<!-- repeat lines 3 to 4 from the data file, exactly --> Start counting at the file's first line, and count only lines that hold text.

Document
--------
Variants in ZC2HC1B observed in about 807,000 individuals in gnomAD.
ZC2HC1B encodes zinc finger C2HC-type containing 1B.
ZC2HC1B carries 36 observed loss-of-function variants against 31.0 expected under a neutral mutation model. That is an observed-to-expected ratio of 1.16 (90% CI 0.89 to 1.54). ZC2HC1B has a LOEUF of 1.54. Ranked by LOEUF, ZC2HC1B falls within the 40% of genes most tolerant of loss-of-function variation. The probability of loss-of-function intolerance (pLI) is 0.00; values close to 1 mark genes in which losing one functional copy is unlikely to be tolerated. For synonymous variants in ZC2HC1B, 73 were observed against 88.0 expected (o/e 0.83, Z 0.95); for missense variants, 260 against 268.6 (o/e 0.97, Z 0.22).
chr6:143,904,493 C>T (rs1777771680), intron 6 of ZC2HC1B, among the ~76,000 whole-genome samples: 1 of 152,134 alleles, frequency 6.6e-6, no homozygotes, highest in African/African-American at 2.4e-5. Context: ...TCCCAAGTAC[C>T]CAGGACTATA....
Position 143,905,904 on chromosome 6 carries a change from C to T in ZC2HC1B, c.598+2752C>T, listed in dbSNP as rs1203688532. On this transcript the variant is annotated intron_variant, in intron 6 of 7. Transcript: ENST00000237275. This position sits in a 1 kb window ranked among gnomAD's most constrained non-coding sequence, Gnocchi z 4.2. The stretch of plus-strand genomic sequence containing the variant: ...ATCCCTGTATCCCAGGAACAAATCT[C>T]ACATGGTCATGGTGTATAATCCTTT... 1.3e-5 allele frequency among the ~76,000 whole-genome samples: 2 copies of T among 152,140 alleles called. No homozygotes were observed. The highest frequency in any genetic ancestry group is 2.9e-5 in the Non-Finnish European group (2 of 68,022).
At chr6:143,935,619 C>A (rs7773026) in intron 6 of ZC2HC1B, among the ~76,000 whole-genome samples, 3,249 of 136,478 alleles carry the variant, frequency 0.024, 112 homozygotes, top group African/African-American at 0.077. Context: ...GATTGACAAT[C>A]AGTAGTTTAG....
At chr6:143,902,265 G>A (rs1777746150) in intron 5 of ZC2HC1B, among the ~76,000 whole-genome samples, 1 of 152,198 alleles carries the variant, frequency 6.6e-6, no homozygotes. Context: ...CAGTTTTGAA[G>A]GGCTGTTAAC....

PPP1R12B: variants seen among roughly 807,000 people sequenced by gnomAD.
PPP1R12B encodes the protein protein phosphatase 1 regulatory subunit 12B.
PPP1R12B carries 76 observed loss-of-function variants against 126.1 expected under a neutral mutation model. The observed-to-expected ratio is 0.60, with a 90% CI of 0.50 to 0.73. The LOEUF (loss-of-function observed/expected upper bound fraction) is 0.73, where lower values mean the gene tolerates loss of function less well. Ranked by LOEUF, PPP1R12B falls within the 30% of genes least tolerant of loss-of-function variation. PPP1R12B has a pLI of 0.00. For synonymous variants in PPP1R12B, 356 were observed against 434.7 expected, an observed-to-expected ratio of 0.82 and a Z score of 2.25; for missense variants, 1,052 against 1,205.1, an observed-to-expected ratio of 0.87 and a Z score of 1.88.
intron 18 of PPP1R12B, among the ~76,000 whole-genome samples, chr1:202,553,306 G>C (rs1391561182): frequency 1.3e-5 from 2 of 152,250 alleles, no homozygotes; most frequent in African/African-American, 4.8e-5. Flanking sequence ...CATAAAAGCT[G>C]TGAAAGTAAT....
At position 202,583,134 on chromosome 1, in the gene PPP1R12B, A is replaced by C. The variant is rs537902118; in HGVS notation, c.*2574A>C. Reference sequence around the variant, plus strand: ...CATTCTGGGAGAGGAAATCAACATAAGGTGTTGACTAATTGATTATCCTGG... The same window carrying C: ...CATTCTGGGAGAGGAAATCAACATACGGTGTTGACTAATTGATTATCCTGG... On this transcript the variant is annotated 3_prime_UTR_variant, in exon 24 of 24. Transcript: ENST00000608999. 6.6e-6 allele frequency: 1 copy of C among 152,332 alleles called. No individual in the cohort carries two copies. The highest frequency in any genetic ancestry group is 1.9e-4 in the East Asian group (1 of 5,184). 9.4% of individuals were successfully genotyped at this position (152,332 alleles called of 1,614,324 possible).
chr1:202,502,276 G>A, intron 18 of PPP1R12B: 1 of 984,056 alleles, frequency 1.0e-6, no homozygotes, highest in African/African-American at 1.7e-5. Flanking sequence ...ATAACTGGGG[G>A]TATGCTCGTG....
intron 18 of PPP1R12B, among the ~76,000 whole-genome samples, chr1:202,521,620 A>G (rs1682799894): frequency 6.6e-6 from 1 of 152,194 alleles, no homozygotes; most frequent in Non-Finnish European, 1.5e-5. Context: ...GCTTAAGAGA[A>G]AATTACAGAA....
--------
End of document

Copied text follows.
ZC2HC1B carries 36 observed loss-of-function variants against 31.0 expected under a neutral mutation model. That is an observed-to-expected ratio of 1.16 (90% CI 0.89 to 1.54). ZC2HC1B has a LOEUF of 1.54. Ranked by LOEUF, ZC2HC1B falls within the 40% of genes most tolerant of loss-of-function variation. The probability of loss-of-function intolerance (pLI) is 0.00; values close to 1 mark genes in which losing one functional copy is unlikely to be tolerated. For synonymous variants in ZC2HC1B, 73 were observed against 88.0 expected (o/e 0.83, Z 0.95); for missense variants, 260 against 268.6 (o/e 0.97, Z 0.22).
chr6:143,904,493 C>T (rs1777771680), intron 6 of ZC2HC1B, among the ~76,000 whole-genome samples: 1 of 152,134 alleles, frequency 6.6e-6, no homozygotes, highest in African/African-American at 2.4e-5. Context: ...TCCCAAGTAC[C>T]CAGGACTATA....